Browse All Recipes

What does it take to make the best hot cross buns?

We tested three versions from three cookbooks, and combined them to create our ultimate recipe.

There's something inherently comforting about the smell of freshly baked hot cross buns. Perhaps it's the nostalgic scent of rising dough, the festive aroma of warm spices, or even the sweet perfume of orange and sugar bubbling away atop a kitchen stove for the glaze.
Straight from the oven or lightly toasted, these fruit-studded buns are a Good Friday breakfast ritual, one dating back more than 700 years. But which ingredients and methods produce the best bun? Does fresh or dried yeast work best? Caster or brown sugar? How sticky should the glaze be? We tested three recipes, then combined them to create our ultimate hot cross bun.
Disclosure: This article contains affiliate links. Gourmet Traveller may receive a small commission from purchases made through select links on this page.


from English Bread and Yeast Cookery, Grub Street, $36.82
Elizabeth David has explored the history of the hot cross bun throughout her food literature. Her version calls for fresh yeast and strong baker's flour, with the addition of eggs, milk, light brown sugar and softened butter. The dough is flavoured with mixed spice and currants, rested for 2 hours, then rolled and proved again in bun tins (we used a muffin tin). David cuts the cross into the dough rather than making a paste, and uses a simple glaze of equal quantities milk and caster sugar.
The verdict:
The result is an old-school style of English bun with subtle spice levels, a golden outer crust and a light, yet slightly dry crumb. Also contributing to the lack of moisture are the currants, which remain shrivelled as they weren't soaked before being added to the dough. This is a fairly simple yet classic recipe.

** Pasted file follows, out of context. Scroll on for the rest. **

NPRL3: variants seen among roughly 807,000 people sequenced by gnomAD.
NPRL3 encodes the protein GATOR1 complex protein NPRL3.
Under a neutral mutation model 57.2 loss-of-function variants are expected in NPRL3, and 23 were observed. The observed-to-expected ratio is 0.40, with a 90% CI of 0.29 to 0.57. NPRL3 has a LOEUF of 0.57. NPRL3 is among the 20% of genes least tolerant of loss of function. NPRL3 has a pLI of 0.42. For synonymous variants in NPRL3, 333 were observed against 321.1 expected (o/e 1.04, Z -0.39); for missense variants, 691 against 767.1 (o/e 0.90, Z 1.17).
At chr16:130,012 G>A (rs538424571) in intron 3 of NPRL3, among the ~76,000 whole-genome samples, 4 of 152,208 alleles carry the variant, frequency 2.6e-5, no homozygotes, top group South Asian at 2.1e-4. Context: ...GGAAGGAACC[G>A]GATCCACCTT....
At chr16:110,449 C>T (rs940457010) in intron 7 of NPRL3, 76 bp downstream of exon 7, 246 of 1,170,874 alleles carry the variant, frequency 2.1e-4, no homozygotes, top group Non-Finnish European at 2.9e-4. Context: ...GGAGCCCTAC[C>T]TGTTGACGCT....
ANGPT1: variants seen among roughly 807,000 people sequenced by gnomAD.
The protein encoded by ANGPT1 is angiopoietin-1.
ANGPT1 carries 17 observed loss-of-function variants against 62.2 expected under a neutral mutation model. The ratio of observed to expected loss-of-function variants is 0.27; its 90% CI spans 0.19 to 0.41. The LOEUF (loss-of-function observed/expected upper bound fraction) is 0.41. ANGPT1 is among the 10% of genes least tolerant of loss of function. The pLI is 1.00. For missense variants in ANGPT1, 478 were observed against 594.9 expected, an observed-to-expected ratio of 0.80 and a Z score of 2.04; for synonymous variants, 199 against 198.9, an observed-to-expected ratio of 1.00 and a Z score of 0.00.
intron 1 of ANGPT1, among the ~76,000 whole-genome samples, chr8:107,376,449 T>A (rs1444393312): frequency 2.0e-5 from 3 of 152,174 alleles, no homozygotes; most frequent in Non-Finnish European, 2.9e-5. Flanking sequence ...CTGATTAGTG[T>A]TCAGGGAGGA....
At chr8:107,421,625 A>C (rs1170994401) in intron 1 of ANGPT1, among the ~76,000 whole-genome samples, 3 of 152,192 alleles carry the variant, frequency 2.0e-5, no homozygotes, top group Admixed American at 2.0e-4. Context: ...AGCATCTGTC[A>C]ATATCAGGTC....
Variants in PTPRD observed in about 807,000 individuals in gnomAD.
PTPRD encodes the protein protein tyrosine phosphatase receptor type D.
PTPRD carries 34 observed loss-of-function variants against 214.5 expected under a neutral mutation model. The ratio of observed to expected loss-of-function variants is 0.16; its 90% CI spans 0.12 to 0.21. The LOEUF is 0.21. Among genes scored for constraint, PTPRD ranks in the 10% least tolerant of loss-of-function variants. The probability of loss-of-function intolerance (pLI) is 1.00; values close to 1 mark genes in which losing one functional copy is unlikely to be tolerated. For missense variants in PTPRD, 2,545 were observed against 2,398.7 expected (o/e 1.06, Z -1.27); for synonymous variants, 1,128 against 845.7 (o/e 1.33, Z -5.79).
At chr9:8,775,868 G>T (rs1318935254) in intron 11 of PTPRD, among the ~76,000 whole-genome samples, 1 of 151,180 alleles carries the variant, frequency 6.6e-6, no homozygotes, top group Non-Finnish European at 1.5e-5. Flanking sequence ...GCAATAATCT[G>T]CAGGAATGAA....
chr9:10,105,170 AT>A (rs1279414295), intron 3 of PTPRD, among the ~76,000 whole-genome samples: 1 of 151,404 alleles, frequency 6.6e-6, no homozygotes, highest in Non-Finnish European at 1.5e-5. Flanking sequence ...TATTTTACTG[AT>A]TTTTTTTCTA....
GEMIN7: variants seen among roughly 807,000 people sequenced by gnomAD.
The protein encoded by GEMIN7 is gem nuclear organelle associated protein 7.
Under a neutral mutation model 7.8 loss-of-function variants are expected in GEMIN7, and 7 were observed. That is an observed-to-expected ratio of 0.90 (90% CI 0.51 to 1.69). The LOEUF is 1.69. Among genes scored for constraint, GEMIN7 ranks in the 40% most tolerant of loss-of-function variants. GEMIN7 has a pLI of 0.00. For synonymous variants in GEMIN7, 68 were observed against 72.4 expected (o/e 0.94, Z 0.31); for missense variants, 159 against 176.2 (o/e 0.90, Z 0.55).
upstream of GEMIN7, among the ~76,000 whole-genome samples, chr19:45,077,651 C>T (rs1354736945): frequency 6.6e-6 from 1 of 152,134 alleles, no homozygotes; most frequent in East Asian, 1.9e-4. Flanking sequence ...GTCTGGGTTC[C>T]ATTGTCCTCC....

from Beatrix Bakes, Hardie Grant, RRP $45
The recipe in a new book from Melbourne baker Natalie Paull of Beatrix bakery stars orange: currants and sultanas are soaked in the juice of an orange, while the flesh from a second fruit is blended to a pulp and added to the dough, its zest flavouring the glaze. The dough also calls for plain flour, caster sugar, milk, "soft and squidgy" butter and fresh yeast (no eggs). And as an alternative to mixed spice, Paull shares a side recipe for a mix using ground whole spices.
The verdict:
Overall, these buns are dense and doughy, and although cooked through, have a raw consistency (we even tried a batch with an extra 15-minute cook time). However, the texture does improve slightly as they cool. The inclusion of a whole, puréed orange in the dough is an inspired idea, but may contribute to the bun's density. Highlights include the soaked fruits, which are extra plump, and the glaze – a standout, with the fragrant addition of vanilla and orange zest.


from Flour and Stone: Baked for Love, Life and Happiness, Simon & Schuster, RRP $59.99
Ingram's dough uses softened butter, like the other recipes, with strong baker's flour, brown sugar, milk and one egg, and the choice of either fresh or dried yeast (we used dried). The spice blend consists of cinnamon, allspice, nutmeg and cloves. A fruit mixture of sultanas, currants and raisins are hydrated in boiling water, and there is the addition of candied orange peel, too. The buns are piped with a flour-oil paste flavoured with orange-blossom water and nutmeg, while the glaze is simple: caster sugar, water and orange zest.